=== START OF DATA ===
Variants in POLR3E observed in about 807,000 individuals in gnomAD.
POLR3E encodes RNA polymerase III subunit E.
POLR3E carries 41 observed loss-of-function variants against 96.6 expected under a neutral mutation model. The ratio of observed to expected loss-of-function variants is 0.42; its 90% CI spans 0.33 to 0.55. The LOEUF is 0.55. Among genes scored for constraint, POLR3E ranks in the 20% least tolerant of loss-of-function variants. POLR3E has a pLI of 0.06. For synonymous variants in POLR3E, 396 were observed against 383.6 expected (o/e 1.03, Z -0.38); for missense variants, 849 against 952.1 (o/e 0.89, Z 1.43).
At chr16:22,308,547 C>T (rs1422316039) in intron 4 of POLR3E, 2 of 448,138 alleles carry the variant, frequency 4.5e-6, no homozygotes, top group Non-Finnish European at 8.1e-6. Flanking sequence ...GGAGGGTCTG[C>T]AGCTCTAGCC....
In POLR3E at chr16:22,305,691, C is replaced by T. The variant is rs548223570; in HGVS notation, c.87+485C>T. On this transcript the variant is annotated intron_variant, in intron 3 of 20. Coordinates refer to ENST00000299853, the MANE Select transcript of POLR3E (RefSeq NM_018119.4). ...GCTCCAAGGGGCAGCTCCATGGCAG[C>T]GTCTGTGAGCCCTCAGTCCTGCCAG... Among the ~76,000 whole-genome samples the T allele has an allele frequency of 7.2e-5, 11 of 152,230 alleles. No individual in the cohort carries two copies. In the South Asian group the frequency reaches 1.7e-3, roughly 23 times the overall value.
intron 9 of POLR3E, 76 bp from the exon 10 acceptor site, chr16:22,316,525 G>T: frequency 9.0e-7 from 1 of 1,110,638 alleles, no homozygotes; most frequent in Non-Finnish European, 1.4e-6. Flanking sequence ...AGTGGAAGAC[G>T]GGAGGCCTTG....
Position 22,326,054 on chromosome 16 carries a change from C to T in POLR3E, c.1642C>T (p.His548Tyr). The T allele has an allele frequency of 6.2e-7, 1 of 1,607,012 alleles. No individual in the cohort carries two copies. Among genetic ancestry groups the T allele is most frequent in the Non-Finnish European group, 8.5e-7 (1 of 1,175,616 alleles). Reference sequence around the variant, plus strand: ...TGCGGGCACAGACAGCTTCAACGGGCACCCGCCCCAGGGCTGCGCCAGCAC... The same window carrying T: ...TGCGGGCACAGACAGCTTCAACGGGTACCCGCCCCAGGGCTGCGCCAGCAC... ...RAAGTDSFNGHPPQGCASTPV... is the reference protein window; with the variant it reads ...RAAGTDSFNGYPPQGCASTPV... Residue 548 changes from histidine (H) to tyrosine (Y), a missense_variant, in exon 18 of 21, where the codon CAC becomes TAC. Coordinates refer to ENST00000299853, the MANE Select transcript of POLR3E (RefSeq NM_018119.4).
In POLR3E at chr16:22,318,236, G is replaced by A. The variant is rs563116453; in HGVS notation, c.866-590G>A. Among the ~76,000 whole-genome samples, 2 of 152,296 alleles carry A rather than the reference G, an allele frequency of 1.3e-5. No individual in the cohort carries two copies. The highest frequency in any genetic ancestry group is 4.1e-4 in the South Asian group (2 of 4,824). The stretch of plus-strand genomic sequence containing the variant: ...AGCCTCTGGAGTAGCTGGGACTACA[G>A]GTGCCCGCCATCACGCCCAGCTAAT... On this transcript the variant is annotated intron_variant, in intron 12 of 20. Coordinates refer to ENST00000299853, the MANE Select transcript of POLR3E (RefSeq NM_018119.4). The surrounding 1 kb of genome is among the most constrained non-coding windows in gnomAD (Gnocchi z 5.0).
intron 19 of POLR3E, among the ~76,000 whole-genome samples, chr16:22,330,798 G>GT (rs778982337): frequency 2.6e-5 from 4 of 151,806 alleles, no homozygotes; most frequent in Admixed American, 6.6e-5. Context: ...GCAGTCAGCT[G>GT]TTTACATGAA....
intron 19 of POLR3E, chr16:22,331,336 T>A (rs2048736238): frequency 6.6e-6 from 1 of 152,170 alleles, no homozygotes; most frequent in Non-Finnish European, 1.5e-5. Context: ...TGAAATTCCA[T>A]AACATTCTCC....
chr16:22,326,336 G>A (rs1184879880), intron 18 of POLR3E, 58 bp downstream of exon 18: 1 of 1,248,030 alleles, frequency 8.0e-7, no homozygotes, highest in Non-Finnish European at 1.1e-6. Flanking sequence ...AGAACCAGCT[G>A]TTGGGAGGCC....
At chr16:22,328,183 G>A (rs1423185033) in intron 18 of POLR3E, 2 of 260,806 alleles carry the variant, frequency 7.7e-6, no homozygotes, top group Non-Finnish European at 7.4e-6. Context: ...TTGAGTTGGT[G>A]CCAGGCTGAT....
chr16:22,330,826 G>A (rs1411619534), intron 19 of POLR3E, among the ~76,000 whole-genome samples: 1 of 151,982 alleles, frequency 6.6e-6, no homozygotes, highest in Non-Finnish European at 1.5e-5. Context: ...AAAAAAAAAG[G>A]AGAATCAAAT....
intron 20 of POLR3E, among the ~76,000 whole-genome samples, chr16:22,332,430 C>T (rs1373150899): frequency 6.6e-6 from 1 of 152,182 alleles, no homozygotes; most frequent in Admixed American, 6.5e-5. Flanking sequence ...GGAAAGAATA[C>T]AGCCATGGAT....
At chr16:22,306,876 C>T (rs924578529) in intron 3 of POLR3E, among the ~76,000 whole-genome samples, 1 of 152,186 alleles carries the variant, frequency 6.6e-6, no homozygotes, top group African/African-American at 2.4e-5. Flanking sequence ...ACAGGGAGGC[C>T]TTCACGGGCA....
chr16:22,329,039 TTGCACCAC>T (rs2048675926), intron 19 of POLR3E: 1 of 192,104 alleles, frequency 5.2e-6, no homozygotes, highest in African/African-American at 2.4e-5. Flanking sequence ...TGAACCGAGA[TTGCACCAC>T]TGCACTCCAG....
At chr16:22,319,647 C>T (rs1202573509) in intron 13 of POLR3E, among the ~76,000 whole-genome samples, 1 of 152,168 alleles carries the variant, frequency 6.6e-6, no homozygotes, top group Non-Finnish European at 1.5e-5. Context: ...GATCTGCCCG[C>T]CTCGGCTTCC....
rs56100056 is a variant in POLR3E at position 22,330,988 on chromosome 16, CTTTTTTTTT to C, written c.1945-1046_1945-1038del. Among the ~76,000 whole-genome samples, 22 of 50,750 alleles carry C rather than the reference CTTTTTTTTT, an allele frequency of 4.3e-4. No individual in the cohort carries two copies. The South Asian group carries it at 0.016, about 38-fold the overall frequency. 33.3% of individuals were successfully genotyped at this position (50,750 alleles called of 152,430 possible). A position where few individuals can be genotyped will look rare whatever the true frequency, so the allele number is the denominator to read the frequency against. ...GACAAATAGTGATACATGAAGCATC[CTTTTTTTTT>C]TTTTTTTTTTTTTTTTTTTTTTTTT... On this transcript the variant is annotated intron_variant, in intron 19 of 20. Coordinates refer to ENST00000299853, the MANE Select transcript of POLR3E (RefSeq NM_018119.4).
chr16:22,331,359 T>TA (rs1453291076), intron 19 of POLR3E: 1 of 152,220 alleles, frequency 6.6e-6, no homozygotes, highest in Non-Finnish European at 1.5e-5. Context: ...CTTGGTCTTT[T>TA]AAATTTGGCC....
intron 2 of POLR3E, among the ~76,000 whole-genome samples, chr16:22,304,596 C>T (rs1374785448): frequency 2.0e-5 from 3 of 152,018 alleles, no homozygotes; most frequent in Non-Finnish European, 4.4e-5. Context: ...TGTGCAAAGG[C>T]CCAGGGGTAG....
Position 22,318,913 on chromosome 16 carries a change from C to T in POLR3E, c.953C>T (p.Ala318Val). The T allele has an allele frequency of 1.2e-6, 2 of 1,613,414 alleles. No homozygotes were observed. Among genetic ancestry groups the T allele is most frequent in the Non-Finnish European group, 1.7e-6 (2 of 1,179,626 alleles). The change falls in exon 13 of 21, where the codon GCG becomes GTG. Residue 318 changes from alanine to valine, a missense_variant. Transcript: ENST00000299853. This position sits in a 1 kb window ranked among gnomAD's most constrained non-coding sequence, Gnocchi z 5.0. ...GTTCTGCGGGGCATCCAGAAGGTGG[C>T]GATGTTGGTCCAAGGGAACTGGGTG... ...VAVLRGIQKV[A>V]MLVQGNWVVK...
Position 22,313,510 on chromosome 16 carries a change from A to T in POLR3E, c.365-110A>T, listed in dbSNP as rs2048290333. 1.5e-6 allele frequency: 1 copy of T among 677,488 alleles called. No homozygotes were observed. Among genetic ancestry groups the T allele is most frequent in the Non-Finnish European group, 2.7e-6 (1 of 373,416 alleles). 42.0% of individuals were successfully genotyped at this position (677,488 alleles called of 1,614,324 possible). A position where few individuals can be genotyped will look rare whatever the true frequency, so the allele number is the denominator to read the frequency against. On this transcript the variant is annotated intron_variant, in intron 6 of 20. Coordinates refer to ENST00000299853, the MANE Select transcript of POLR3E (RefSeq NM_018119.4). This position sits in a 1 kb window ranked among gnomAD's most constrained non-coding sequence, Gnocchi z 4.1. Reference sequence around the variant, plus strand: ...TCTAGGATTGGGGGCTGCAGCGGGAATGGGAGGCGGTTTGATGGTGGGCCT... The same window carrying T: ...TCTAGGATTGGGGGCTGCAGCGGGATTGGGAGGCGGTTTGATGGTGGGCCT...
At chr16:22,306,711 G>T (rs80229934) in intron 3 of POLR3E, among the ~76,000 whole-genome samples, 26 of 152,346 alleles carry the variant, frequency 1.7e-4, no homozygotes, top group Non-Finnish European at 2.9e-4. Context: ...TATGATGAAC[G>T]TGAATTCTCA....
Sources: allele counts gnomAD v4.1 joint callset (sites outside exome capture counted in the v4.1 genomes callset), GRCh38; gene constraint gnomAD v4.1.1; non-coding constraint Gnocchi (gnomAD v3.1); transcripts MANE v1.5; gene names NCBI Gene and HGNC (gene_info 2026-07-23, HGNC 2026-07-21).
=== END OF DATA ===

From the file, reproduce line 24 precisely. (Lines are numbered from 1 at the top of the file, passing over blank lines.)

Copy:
Sources: allele counts gnomAD v4.1 joint callset (sites outside exome capture counted in the v4.1 genomes callset), GRCh38; gene constraint gnomAD v4.1.1; non-coding constraint Gnocchi (gnomAD v3.1); transcripts MANE v1.5; gene names NCBI Gene and HGNC (gene_info 2026-07-23, HGNC 2026-07-21).